8. 8. White paper: Designing a security policy to protect your automation solution > Limit software installation and execution privileges to specific employees. When risk is high, implement two and three factor authentication (password, physical device - smart key, and biometrics) or real-time confirmation by a second person. > Restrict user access to data archives. > Authentication should be required to modify product firmware.Network DesignVulnerability assessment will provide the data needed to create asecure network design. One key to securing the automationnetwork is understanding the entry/connection points between itand the greater IT system. Potential connection points betweennetworks include OPC servers, gateways, modems, and safetynetwork connectivity.One key concept to network design is Defense in Depth. Defensein Depth is designed to protect control and safety systems. Thereis no single mechanism to protect against all types of attacks.Therefore it is best to create a series of protection layers designed to impede attackers. Thelayers also improve probability that attacks will be detected and repelled. Safety networks shouldbe at least one layer deeper in a Defense in Depth architecture than the control network. > If the automation network connects to a larger corporate network, a “demilitarized zone” should be created to buffer common resources between the two networks. A demilitarized zone is a buffer between a trusted network and an untrusted network. The zone is separated by firewalls and routers. > Elements in the automation network or trusted zones within the network should be in a separate subnet from the greater network and should be isolated via a router and or firewall. > The firewall fronting the automation system should include an intrusion detection system. > If using multiple firewalls, consider centralized firewall policies. > It should be possible to easily isolate the automation network from the corporate network if an intrusion is detected. > Configure the network to eliminate requests from the control network to external computers. A firewall should block all connections from the outside. > Remove or disable all unrequired services from automation hosts. 8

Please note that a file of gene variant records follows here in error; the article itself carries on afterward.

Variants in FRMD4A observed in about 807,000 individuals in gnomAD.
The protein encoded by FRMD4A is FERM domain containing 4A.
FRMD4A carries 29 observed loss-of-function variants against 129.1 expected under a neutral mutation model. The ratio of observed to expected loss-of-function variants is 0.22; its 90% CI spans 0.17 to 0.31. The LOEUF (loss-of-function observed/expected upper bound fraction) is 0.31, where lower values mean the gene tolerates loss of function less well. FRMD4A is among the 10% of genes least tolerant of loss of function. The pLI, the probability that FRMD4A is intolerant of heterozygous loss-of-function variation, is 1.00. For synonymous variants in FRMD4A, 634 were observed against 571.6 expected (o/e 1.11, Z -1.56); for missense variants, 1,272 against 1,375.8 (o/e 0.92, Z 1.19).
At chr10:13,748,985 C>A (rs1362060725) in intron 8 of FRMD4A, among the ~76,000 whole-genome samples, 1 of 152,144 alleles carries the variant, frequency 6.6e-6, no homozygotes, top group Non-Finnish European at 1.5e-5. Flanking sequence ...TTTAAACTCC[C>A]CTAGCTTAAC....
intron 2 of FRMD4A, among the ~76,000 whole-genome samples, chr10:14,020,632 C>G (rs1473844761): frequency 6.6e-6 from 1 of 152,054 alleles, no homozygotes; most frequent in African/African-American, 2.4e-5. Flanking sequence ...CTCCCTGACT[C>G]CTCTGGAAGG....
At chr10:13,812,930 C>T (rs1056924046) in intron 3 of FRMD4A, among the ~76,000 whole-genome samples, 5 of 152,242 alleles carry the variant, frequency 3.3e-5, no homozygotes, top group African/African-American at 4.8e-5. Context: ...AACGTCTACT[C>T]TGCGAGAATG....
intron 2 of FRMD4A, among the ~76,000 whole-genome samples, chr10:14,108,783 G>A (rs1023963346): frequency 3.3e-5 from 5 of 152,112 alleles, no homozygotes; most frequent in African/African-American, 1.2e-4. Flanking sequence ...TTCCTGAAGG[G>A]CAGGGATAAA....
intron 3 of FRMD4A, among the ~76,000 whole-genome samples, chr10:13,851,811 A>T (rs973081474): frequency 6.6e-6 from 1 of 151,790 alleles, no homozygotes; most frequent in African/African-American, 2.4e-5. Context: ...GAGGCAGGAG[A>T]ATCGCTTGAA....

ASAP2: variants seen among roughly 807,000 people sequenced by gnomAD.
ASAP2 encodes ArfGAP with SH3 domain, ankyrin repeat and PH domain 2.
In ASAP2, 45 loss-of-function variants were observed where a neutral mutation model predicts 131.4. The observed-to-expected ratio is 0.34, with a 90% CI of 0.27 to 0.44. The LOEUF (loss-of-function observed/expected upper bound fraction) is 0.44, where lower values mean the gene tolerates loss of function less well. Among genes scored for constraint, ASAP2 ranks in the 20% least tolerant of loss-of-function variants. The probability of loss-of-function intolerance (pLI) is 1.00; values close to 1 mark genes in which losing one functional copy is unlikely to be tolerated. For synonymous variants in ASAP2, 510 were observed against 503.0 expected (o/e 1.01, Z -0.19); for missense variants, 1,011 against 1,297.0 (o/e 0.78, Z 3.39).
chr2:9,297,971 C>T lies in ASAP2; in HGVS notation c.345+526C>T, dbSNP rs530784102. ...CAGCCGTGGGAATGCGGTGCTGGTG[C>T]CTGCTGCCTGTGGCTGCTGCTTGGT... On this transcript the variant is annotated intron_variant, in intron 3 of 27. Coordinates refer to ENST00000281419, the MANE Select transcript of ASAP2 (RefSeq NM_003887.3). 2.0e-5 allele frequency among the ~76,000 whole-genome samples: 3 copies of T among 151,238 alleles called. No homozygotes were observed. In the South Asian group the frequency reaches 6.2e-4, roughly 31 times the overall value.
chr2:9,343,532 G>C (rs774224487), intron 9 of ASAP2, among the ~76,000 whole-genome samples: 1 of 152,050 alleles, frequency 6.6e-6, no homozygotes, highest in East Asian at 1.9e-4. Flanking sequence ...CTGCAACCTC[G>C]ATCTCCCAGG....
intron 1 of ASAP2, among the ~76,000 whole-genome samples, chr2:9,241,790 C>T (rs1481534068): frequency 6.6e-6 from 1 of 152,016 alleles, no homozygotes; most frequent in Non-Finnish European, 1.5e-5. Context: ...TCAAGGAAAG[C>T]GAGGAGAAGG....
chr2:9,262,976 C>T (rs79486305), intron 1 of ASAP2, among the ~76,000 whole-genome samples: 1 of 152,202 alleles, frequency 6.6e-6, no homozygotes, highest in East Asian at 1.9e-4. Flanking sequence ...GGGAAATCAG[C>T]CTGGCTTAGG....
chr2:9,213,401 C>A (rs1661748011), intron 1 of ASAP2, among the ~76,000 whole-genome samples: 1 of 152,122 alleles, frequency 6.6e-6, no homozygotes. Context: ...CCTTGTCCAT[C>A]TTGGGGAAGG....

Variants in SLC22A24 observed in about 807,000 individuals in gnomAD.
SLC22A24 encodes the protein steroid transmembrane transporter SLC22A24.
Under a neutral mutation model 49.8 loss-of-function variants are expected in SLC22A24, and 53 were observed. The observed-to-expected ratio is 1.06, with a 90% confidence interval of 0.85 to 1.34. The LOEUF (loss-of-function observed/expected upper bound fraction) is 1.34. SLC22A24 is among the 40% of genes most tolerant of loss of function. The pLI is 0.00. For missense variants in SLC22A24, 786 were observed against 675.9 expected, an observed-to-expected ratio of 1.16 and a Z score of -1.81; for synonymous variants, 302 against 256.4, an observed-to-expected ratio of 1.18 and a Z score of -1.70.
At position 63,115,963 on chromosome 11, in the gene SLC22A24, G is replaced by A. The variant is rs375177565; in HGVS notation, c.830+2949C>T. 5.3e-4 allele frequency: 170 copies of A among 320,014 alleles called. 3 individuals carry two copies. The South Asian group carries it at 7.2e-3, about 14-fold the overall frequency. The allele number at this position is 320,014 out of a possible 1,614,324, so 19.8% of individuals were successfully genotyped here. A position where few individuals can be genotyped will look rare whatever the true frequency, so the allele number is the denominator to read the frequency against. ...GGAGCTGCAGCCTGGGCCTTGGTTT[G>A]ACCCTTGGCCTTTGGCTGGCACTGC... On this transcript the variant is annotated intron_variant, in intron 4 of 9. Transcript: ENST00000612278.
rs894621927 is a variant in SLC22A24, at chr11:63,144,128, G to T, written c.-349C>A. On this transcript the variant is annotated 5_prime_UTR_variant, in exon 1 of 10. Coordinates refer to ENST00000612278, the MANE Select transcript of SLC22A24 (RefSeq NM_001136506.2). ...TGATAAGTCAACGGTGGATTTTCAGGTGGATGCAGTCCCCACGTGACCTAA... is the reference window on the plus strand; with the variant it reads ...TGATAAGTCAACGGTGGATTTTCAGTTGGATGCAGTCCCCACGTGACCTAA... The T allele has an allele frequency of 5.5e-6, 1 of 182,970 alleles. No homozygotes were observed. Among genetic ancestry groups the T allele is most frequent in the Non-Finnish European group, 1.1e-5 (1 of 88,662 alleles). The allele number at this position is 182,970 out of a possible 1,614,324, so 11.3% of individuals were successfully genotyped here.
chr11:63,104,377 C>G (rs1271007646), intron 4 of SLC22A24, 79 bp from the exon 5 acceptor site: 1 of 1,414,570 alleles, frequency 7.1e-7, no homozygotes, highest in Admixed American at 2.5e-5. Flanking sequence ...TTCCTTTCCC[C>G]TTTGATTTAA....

9. 9. White paper: Designing a security policy to protect your automation solution> Utilize port restriction. For example, if you would like to allow an individual to program Modbus but not access the web server, then enable the device access to TCP port 502 (Modbus) but not port 80.> Older Windows systems with limited security features should not be connected with an industrial system unless they are compartmentalized.> Examine contractor network access levels. Prevent unprotected access to automation network.> Prevent incoming e-mail or Instant Messaging traffic to hosts in the automation network. Disable or do not install e-mail or IM clients on computers in the automation domain. Additionally, block corresponding protocols at the firewall.> Prohibit web browsing from hosts in the automation network. Prevent access by filtering at the firewall.> Provide internet access from a separate host on a different network than the automation network so that information and updates from the Internet Plant network Connection to supervisory can be obtained if the main network is down. and information systems> Prohibit drive sharing between hosts inside and Demilitarized zone outside the automation network. Enforce with firewalls.> If necessary, restrict ability for personnel to Control network/ Automation systems configure devices via the web.> Prohibit direct transfer of files into the control Fiber optic ring system. An intermediate staging server should Gateway Drive be used to scan all incoming data for malware. Modbus Digital signatures can help verify that the file Advantys OTB IP67 I/O Advantys STB Momentum Advantys OTB really originated from the assumed server and that it wasn’t modified between the scan and Figure above import into the control system. Typical security-enabled automation network design> Firewalls should provide network address translation to protect the address data from the corporate network.> Use trained, authorized personnel to add/remove new devices to/from the control network.> Non essential services with known weaknesses should be offered on one of several redundant servers to reduce the effect of infection. 9